The pieces always grow from the original seed that is planted.

Nothing ends up exactly where it started.

I'm no closer to finding that common denominator that links all these things that have set my neurons firing, but perhaps I should stop looking. If I were to understand the magic trick, and put it to use whenever I wanted, I worry that I would not enjoy the experience as much.

Sunday, 20 January 2019

Countdown to October: Some Short Story Collection Recommendations

Short story collections. You either hate them, or you love them.

I hope that you, the person reading this post, is in the camp of those who love them, as come October this year, I'll have a collection of my very own out in bookshops.

(It feels weird to say that, because I haven't even finished putting it all together, but more details will come as I know them and I am planning on blogging through the whole process.)

In the lead up to the really hard work of getting it ready, I've been thinking a lot about short story collections I love, and short story collections that I really want to read.  I thought today I would post a list for you of amazing collections to check out if you're wanting to get into the genre, or if you're just looking for something new to read. These are in no particular order:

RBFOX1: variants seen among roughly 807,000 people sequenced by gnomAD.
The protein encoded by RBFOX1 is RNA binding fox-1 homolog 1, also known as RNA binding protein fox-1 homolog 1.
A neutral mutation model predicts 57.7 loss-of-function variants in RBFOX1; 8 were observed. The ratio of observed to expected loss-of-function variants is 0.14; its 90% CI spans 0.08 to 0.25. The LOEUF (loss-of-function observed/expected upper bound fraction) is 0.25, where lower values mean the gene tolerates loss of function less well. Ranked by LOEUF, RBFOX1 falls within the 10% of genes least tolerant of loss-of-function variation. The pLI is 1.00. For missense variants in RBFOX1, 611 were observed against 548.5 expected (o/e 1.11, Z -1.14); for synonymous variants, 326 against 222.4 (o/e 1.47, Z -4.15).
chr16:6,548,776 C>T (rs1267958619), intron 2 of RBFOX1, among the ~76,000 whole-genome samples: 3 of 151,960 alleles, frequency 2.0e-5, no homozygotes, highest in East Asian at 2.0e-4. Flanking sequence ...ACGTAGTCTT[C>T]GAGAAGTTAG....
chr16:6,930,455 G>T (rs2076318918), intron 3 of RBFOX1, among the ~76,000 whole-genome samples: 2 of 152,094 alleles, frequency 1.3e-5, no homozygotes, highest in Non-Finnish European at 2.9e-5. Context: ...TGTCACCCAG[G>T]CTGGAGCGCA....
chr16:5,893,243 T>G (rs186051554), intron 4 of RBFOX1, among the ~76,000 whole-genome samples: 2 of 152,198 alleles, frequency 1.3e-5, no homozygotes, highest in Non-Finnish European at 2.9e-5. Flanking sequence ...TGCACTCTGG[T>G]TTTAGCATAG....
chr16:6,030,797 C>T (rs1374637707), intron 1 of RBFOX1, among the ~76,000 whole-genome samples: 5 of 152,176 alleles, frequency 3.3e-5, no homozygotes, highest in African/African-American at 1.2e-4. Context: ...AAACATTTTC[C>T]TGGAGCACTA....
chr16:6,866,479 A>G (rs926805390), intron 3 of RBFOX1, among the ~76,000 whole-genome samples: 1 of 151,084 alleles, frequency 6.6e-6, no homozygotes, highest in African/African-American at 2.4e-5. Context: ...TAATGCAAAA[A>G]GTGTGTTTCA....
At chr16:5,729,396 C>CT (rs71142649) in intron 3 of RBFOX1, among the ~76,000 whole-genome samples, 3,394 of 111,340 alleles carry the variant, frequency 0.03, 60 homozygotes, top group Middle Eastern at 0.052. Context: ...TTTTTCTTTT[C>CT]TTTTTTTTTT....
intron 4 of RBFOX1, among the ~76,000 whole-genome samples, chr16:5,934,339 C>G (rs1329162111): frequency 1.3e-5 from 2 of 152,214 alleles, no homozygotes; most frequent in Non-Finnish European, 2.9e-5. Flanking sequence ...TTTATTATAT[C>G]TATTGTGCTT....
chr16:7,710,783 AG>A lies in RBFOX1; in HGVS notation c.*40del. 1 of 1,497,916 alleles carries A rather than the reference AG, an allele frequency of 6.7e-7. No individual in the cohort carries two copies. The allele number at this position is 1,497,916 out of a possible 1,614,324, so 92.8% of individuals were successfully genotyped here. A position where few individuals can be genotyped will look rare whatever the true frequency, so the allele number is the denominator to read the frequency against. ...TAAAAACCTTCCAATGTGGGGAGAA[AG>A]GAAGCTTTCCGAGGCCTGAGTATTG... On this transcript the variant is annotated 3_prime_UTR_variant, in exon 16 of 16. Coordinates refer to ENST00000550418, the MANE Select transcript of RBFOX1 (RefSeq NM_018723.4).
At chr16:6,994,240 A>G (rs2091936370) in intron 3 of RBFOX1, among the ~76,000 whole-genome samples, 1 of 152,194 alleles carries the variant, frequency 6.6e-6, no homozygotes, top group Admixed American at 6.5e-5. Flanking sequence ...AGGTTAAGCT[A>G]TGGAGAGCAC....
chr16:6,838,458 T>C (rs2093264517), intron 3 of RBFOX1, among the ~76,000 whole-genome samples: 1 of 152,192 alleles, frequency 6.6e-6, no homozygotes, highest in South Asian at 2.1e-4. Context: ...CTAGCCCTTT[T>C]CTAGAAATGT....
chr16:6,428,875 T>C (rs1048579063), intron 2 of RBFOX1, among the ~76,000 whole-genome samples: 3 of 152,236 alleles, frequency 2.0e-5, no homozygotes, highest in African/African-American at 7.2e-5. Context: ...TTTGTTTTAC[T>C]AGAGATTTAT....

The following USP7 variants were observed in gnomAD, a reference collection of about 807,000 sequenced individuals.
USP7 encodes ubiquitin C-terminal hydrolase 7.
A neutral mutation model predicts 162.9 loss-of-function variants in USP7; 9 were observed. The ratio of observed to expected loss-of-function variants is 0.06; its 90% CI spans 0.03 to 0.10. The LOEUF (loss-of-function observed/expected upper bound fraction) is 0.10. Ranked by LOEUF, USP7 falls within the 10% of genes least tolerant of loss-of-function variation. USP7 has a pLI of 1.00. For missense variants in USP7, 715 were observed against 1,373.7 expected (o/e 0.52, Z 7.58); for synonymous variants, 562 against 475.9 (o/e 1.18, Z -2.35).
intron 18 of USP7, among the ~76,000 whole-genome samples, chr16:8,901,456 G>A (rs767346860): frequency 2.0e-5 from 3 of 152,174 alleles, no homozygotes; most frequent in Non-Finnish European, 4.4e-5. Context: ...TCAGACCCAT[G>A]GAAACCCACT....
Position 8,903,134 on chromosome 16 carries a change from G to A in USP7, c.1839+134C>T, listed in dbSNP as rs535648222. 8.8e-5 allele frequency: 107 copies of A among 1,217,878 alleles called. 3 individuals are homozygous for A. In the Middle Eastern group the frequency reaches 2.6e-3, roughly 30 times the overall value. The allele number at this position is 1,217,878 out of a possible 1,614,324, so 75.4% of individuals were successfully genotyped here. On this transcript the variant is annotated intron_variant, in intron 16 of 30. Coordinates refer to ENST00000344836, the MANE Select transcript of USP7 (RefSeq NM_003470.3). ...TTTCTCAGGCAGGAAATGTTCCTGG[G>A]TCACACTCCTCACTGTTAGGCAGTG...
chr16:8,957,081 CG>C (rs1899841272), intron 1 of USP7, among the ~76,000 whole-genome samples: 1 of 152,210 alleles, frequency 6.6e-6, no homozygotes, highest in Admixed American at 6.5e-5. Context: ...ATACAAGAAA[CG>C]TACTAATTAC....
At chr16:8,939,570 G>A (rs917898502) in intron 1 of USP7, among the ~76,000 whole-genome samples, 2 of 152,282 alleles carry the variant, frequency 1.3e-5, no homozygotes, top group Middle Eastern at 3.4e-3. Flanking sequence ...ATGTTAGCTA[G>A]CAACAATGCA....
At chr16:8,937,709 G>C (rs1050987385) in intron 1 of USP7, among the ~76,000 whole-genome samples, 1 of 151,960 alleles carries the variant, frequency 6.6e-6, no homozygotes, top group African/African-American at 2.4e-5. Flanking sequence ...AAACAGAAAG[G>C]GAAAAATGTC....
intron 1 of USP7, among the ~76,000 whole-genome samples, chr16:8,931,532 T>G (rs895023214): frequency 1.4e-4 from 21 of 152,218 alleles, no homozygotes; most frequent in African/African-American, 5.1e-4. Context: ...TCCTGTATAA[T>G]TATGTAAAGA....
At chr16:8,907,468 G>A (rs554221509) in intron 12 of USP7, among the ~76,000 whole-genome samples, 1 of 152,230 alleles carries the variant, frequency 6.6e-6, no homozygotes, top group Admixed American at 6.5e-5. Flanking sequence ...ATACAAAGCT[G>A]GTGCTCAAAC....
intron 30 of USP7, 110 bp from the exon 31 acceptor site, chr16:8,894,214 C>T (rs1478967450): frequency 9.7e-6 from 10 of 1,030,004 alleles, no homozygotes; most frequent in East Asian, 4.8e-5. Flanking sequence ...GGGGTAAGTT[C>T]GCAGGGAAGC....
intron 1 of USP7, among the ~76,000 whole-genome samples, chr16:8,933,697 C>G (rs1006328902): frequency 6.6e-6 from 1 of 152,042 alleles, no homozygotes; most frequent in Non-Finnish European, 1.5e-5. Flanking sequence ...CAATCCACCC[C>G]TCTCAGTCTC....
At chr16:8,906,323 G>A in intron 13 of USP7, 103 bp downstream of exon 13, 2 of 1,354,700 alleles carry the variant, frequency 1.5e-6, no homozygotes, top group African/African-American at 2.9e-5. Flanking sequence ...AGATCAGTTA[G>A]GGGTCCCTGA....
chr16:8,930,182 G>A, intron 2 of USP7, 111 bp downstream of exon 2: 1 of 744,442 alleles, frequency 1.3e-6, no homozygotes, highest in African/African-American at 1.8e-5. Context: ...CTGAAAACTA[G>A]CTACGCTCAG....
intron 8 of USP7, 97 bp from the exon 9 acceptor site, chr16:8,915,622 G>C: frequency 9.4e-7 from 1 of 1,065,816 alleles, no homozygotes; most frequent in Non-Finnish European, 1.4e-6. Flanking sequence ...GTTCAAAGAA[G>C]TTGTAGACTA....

Short Story Collections I Have Read and Loved

* Like a House on Fire and Dark Roots, both by Cate Kennedy
* Trick of the Light by Laura Elvery
* Pulse Points by Jennifer Down
* Australia Day by Melanie Cheng
* Bird Country by Claire Aman
* Foreign Soil by Maxine Beneba Clarke
* Heat and Light by Ellen van Neerven
* The Weight of a Human Heart by Ryan O'Neill
* You Think It, I'll Say It by Curtis Sittenfeld
* The True Colour of the Sea and The Bodysurfers by Robert Drewe
* Feet to the Stars by Susan Midalia
* Only the Animals by Ceridwen Dovey
* The Circle and the Equator by Kyra Giorgi
* The Love of a Bad Man by Laura Elizabeth Woollett


Short Story Collections I Really Want to Read

* Little White Slips by Karen Hitchcock
* Zebra by Debra Adelaide
* Her Body and Other Parties by Carmen Maria Machado
* Sour Heart by Jenny Zhang
* The Beginning of the World in the Middle of the Night by Jen Campbell
* You Know You Want This by Kristen Roupenian
* Common People by Tony Birch
* Any collection by Joyce Carol Oates
* After the Carnage by Tara June Winch
* The Secret Lives of Men by Georgia Blain